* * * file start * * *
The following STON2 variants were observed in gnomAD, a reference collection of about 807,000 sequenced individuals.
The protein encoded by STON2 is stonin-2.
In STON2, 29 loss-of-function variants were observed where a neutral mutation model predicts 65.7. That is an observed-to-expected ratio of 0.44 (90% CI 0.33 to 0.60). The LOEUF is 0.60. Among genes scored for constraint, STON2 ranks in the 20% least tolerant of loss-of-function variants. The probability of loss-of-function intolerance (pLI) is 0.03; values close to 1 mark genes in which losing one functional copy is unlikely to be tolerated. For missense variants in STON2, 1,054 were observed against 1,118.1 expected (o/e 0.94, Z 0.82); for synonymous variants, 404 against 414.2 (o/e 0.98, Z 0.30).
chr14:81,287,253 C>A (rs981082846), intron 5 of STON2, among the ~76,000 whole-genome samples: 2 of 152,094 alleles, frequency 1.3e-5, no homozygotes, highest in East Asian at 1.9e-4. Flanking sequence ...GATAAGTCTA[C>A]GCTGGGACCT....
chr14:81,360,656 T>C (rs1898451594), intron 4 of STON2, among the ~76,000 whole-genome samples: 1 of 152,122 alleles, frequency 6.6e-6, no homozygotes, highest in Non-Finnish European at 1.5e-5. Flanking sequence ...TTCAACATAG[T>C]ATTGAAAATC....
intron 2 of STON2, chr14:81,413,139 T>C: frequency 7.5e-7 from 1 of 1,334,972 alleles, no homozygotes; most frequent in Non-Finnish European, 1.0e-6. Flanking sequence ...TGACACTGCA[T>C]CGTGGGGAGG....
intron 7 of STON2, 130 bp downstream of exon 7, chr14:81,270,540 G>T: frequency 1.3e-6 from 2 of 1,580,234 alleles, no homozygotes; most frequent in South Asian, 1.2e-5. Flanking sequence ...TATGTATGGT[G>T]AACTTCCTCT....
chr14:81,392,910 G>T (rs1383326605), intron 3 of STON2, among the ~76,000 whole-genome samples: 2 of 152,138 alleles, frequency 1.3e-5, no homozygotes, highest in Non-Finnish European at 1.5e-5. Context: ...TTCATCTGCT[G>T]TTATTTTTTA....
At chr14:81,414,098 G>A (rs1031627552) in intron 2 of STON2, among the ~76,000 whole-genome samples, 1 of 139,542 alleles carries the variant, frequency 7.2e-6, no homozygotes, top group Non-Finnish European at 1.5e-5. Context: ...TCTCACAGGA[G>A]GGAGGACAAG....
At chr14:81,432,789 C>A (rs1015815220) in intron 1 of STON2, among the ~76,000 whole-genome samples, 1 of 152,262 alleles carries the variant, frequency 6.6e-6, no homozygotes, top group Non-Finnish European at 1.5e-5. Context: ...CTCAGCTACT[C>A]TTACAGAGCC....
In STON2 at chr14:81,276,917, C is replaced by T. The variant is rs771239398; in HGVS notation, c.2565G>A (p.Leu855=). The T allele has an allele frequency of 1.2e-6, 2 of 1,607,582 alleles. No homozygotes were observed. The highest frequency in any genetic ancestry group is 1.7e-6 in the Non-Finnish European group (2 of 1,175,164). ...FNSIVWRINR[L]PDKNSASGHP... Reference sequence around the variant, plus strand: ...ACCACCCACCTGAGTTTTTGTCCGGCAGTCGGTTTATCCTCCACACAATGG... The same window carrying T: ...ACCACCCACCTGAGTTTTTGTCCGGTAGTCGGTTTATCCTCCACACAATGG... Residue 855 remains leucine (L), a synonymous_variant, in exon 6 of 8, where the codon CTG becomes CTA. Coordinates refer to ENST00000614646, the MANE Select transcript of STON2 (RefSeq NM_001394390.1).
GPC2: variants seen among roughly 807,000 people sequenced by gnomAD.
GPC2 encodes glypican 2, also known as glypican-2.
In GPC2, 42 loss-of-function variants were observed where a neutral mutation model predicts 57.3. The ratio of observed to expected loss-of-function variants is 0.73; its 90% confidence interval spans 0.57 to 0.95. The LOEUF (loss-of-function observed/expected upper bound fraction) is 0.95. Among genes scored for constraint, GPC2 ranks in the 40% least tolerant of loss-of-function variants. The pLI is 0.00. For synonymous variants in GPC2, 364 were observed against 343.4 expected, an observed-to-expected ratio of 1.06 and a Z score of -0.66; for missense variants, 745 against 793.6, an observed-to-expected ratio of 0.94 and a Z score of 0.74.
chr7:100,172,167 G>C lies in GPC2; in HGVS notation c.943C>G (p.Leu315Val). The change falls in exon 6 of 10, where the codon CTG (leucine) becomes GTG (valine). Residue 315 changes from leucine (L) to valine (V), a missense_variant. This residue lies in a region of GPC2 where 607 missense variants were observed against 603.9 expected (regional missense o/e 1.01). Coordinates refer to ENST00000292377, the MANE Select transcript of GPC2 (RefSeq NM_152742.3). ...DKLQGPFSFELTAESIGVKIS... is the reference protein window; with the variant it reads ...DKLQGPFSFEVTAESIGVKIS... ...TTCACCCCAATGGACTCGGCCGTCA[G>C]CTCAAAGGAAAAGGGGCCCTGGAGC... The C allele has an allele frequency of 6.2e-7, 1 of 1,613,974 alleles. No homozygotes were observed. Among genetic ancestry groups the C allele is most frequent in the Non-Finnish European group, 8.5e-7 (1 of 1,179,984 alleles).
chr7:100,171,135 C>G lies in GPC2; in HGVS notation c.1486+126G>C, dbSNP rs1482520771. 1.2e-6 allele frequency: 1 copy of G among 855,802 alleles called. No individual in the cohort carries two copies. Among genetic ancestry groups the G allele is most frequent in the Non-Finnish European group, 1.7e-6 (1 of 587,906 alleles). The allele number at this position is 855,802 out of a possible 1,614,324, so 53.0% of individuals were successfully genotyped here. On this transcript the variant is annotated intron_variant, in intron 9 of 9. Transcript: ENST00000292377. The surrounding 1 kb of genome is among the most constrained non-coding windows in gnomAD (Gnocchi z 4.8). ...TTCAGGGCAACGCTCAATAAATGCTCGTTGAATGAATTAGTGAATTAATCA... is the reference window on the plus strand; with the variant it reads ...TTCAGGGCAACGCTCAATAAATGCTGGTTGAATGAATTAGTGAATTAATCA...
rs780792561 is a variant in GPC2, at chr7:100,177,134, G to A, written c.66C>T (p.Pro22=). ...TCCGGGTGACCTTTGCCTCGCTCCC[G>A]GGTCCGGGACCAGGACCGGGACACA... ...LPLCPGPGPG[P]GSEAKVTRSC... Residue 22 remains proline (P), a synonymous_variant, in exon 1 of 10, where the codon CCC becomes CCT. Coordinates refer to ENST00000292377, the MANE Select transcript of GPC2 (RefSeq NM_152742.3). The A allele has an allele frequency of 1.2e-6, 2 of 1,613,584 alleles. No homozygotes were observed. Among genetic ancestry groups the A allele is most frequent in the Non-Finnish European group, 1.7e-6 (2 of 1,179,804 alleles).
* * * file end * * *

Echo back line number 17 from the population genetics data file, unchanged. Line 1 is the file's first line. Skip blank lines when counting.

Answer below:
rs780792561 is a variant in GPC2, at chr7:100,177,134, G to A, written c.66C>T (p.Pro22=). ...TCCGGGTGACCTTTGCCTCGCTCCC[G>A]GGTCCGGGACCAGGACCGGGACACA... ...LPLCPGPGPG[P]GSEAKVTRSC... Residue 22 remains proline (P), a synonymous_variant, in exon 1 of 10, where the codon CCC becomes CCT. Coordinates refer to ENST00000292377, the MANE Select transcript of GPC2 (RefSeq NM_152742.3). The A allele has an allele frequency of 1.2e-6, 2 of 1,613,584 alleles. No homozygotes were observed. Among genetic ancestry groups the A allele is most frequent in the Non-Finnish European group, 1.7e-6 (2 of 1,179,804 alleles).